A Wizard of Earthsea by Ursula K. Le Guin. ★★
The writing was beautiful and the world building interesting, but the pace was slow and the story clearly sexist.
A Wizard of Earthsea is a classic fantasy story about a Ged, a great sorcerer who makes a mistake when he’s a student. His mistake unleashes a terrible and unnamed shadow creature, which will destroy him if it can and then wreck havoc upon the world. The story’s reminiscent of a fable or fairy tale. The writing’s lyrical, and characters tend to be simplistically described. As other reviewers have pointed out, Le Guin tends to tell instead of show. I didn’t have too much of a problem with this aspect – for me, it added to the fable-like feeling of the story.
My biggest problem with A Wizard of Earthsea is that it’s openly sexist. Magic is explicitly only for men, and if a woman’s using magic, she’s clearly evil and ineffective:
“Weak as women’s magic” (page 5)
“Wicked as women’s magic” (page 6)
The few female characters present are primarily evil – Serret and Ged’s aunt for instance. Yarrow’s the only notably good female character, and she’s Ged’s best friend’s little sister who shows up in the second to last chapter. Her role is to look sweet and ask Ged questions. She’s described as beautiful but stupid:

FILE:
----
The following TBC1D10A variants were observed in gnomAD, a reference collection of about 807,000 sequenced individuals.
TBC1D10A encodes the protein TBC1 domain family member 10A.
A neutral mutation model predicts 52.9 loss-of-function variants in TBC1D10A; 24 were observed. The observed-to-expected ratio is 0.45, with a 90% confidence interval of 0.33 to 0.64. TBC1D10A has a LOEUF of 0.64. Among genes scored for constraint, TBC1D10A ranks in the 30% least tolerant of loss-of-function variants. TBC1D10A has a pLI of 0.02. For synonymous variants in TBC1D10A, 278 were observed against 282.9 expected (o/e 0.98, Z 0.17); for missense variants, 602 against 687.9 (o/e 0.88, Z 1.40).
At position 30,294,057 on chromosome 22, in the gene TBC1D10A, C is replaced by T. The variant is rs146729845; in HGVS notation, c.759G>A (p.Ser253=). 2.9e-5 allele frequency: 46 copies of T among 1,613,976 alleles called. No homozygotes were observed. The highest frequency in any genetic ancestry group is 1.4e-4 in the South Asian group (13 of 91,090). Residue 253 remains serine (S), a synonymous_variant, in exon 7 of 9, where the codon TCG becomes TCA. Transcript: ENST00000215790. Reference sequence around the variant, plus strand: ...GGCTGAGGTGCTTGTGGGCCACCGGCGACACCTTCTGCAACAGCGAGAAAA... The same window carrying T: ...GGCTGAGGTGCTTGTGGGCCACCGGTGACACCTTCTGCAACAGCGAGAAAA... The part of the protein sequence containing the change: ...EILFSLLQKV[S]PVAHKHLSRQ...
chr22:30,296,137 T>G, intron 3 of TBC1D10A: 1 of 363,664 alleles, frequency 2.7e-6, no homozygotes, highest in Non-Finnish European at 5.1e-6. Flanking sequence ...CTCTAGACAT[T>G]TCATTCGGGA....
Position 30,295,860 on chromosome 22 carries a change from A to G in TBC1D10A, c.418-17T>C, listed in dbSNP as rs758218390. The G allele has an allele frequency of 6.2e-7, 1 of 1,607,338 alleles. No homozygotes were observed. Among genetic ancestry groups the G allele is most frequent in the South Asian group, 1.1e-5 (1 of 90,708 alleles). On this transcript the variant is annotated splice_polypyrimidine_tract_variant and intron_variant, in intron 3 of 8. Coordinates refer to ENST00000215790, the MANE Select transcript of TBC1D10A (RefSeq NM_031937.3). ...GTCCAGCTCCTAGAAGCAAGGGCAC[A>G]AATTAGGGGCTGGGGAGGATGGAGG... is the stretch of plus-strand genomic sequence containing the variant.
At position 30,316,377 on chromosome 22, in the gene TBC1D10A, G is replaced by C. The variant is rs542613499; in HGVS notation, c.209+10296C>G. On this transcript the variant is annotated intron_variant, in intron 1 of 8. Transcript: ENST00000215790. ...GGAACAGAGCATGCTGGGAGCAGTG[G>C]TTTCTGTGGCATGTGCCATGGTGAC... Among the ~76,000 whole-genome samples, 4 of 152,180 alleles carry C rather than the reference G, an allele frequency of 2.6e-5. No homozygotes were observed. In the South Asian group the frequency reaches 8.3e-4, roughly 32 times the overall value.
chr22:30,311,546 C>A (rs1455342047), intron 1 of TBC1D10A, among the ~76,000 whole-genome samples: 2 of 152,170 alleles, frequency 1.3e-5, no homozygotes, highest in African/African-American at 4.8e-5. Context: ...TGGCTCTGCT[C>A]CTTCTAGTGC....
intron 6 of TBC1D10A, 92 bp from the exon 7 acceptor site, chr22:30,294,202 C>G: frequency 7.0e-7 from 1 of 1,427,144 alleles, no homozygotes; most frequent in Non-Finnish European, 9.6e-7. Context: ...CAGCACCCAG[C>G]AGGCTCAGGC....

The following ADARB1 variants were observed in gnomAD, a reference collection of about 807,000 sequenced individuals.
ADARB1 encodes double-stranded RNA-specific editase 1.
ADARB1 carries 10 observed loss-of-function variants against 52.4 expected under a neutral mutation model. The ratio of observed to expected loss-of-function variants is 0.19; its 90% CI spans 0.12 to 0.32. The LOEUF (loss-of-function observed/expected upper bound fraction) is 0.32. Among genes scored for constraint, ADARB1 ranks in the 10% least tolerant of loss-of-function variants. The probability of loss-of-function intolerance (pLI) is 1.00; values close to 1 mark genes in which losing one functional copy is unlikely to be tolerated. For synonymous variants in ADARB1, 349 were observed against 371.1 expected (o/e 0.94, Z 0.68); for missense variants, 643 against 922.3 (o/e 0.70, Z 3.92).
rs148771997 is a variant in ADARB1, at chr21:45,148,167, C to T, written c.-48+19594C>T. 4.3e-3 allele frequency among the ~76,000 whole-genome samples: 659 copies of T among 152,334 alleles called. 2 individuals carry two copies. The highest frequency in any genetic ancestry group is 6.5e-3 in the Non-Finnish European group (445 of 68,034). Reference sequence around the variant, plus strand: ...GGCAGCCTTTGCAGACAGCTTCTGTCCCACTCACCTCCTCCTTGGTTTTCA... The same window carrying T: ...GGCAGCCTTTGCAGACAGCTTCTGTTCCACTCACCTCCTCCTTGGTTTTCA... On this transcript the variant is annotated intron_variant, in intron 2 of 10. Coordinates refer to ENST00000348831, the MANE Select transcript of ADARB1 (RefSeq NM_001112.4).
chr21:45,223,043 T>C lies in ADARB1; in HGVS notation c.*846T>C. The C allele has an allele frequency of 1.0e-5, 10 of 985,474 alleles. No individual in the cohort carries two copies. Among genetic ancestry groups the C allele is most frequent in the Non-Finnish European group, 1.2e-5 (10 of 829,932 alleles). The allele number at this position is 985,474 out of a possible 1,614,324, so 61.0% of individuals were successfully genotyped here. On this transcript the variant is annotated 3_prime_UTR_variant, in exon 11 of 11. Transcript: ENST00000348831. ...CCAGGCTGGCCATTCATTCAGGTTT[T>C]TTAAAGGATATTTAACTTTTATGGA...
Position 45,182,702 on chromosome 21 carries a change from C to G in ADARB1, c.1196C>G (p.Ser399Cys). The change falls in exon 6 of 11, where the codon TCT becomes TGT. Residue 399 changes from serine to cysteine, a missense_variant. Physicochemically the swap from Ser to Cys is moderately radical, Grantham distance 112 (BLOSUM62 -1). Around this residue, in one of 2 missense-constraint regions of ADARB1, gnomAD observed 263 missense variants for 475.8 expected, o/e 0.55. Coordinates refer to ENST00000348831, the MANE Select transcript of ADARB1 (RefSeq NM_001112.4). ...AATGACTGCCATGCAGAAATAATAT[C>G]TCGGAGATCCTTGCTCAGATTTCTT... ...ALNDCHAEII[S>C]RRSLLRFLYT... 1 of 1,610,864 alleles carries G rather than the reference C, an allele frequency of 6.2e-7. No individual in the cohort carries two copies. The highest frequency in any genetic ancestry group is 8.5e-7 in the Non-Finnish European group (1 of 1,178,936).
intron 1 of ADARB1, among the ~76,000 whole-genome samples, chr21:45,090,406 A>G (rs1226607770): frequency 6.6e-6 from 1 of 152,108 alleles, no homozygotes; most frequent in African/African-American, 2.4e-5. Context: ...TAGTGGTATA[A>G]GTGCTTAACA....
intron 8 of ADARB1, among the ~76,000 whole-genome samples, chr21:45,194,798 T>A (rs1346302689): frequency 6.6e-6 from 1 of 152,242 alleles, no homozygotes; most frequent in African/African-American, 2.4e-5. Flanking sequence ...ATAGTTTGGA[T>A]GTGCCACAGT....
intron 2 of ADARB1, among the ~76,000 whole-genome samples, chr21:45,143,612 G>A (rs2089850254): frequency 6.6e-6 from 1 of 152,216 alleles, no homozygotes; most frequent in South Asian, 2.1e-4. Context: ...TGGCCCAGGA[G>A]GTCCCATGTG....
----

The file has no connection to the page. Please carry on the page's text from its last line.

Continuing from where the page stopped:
Spoken by her brother: “This is my sister, the youngest of us, prettier than I am you see, but much less clever” (page 169)
Spoken by Yarrow herself: “I wish I could truly understand what you tell me. I am too stupid” (page 177)
All in all, it’s a rather vile image. The only good women are pretty, powerless, and stupid. They serve their men and don’t take actions of their own. I’m given to understand that this changes later in the series. The second book for instance, has a female protagonist. However, don’t expect to find any good female characters or even a book with female characters present in the plot in A Wizard of Earthsea.
The majority of characters do have dark skin, which makes it atypical, especially for a fantasy book published in the 1960s. While this is laudable, I’d have trouble recommending this book to anyone because of the prevalent sexism.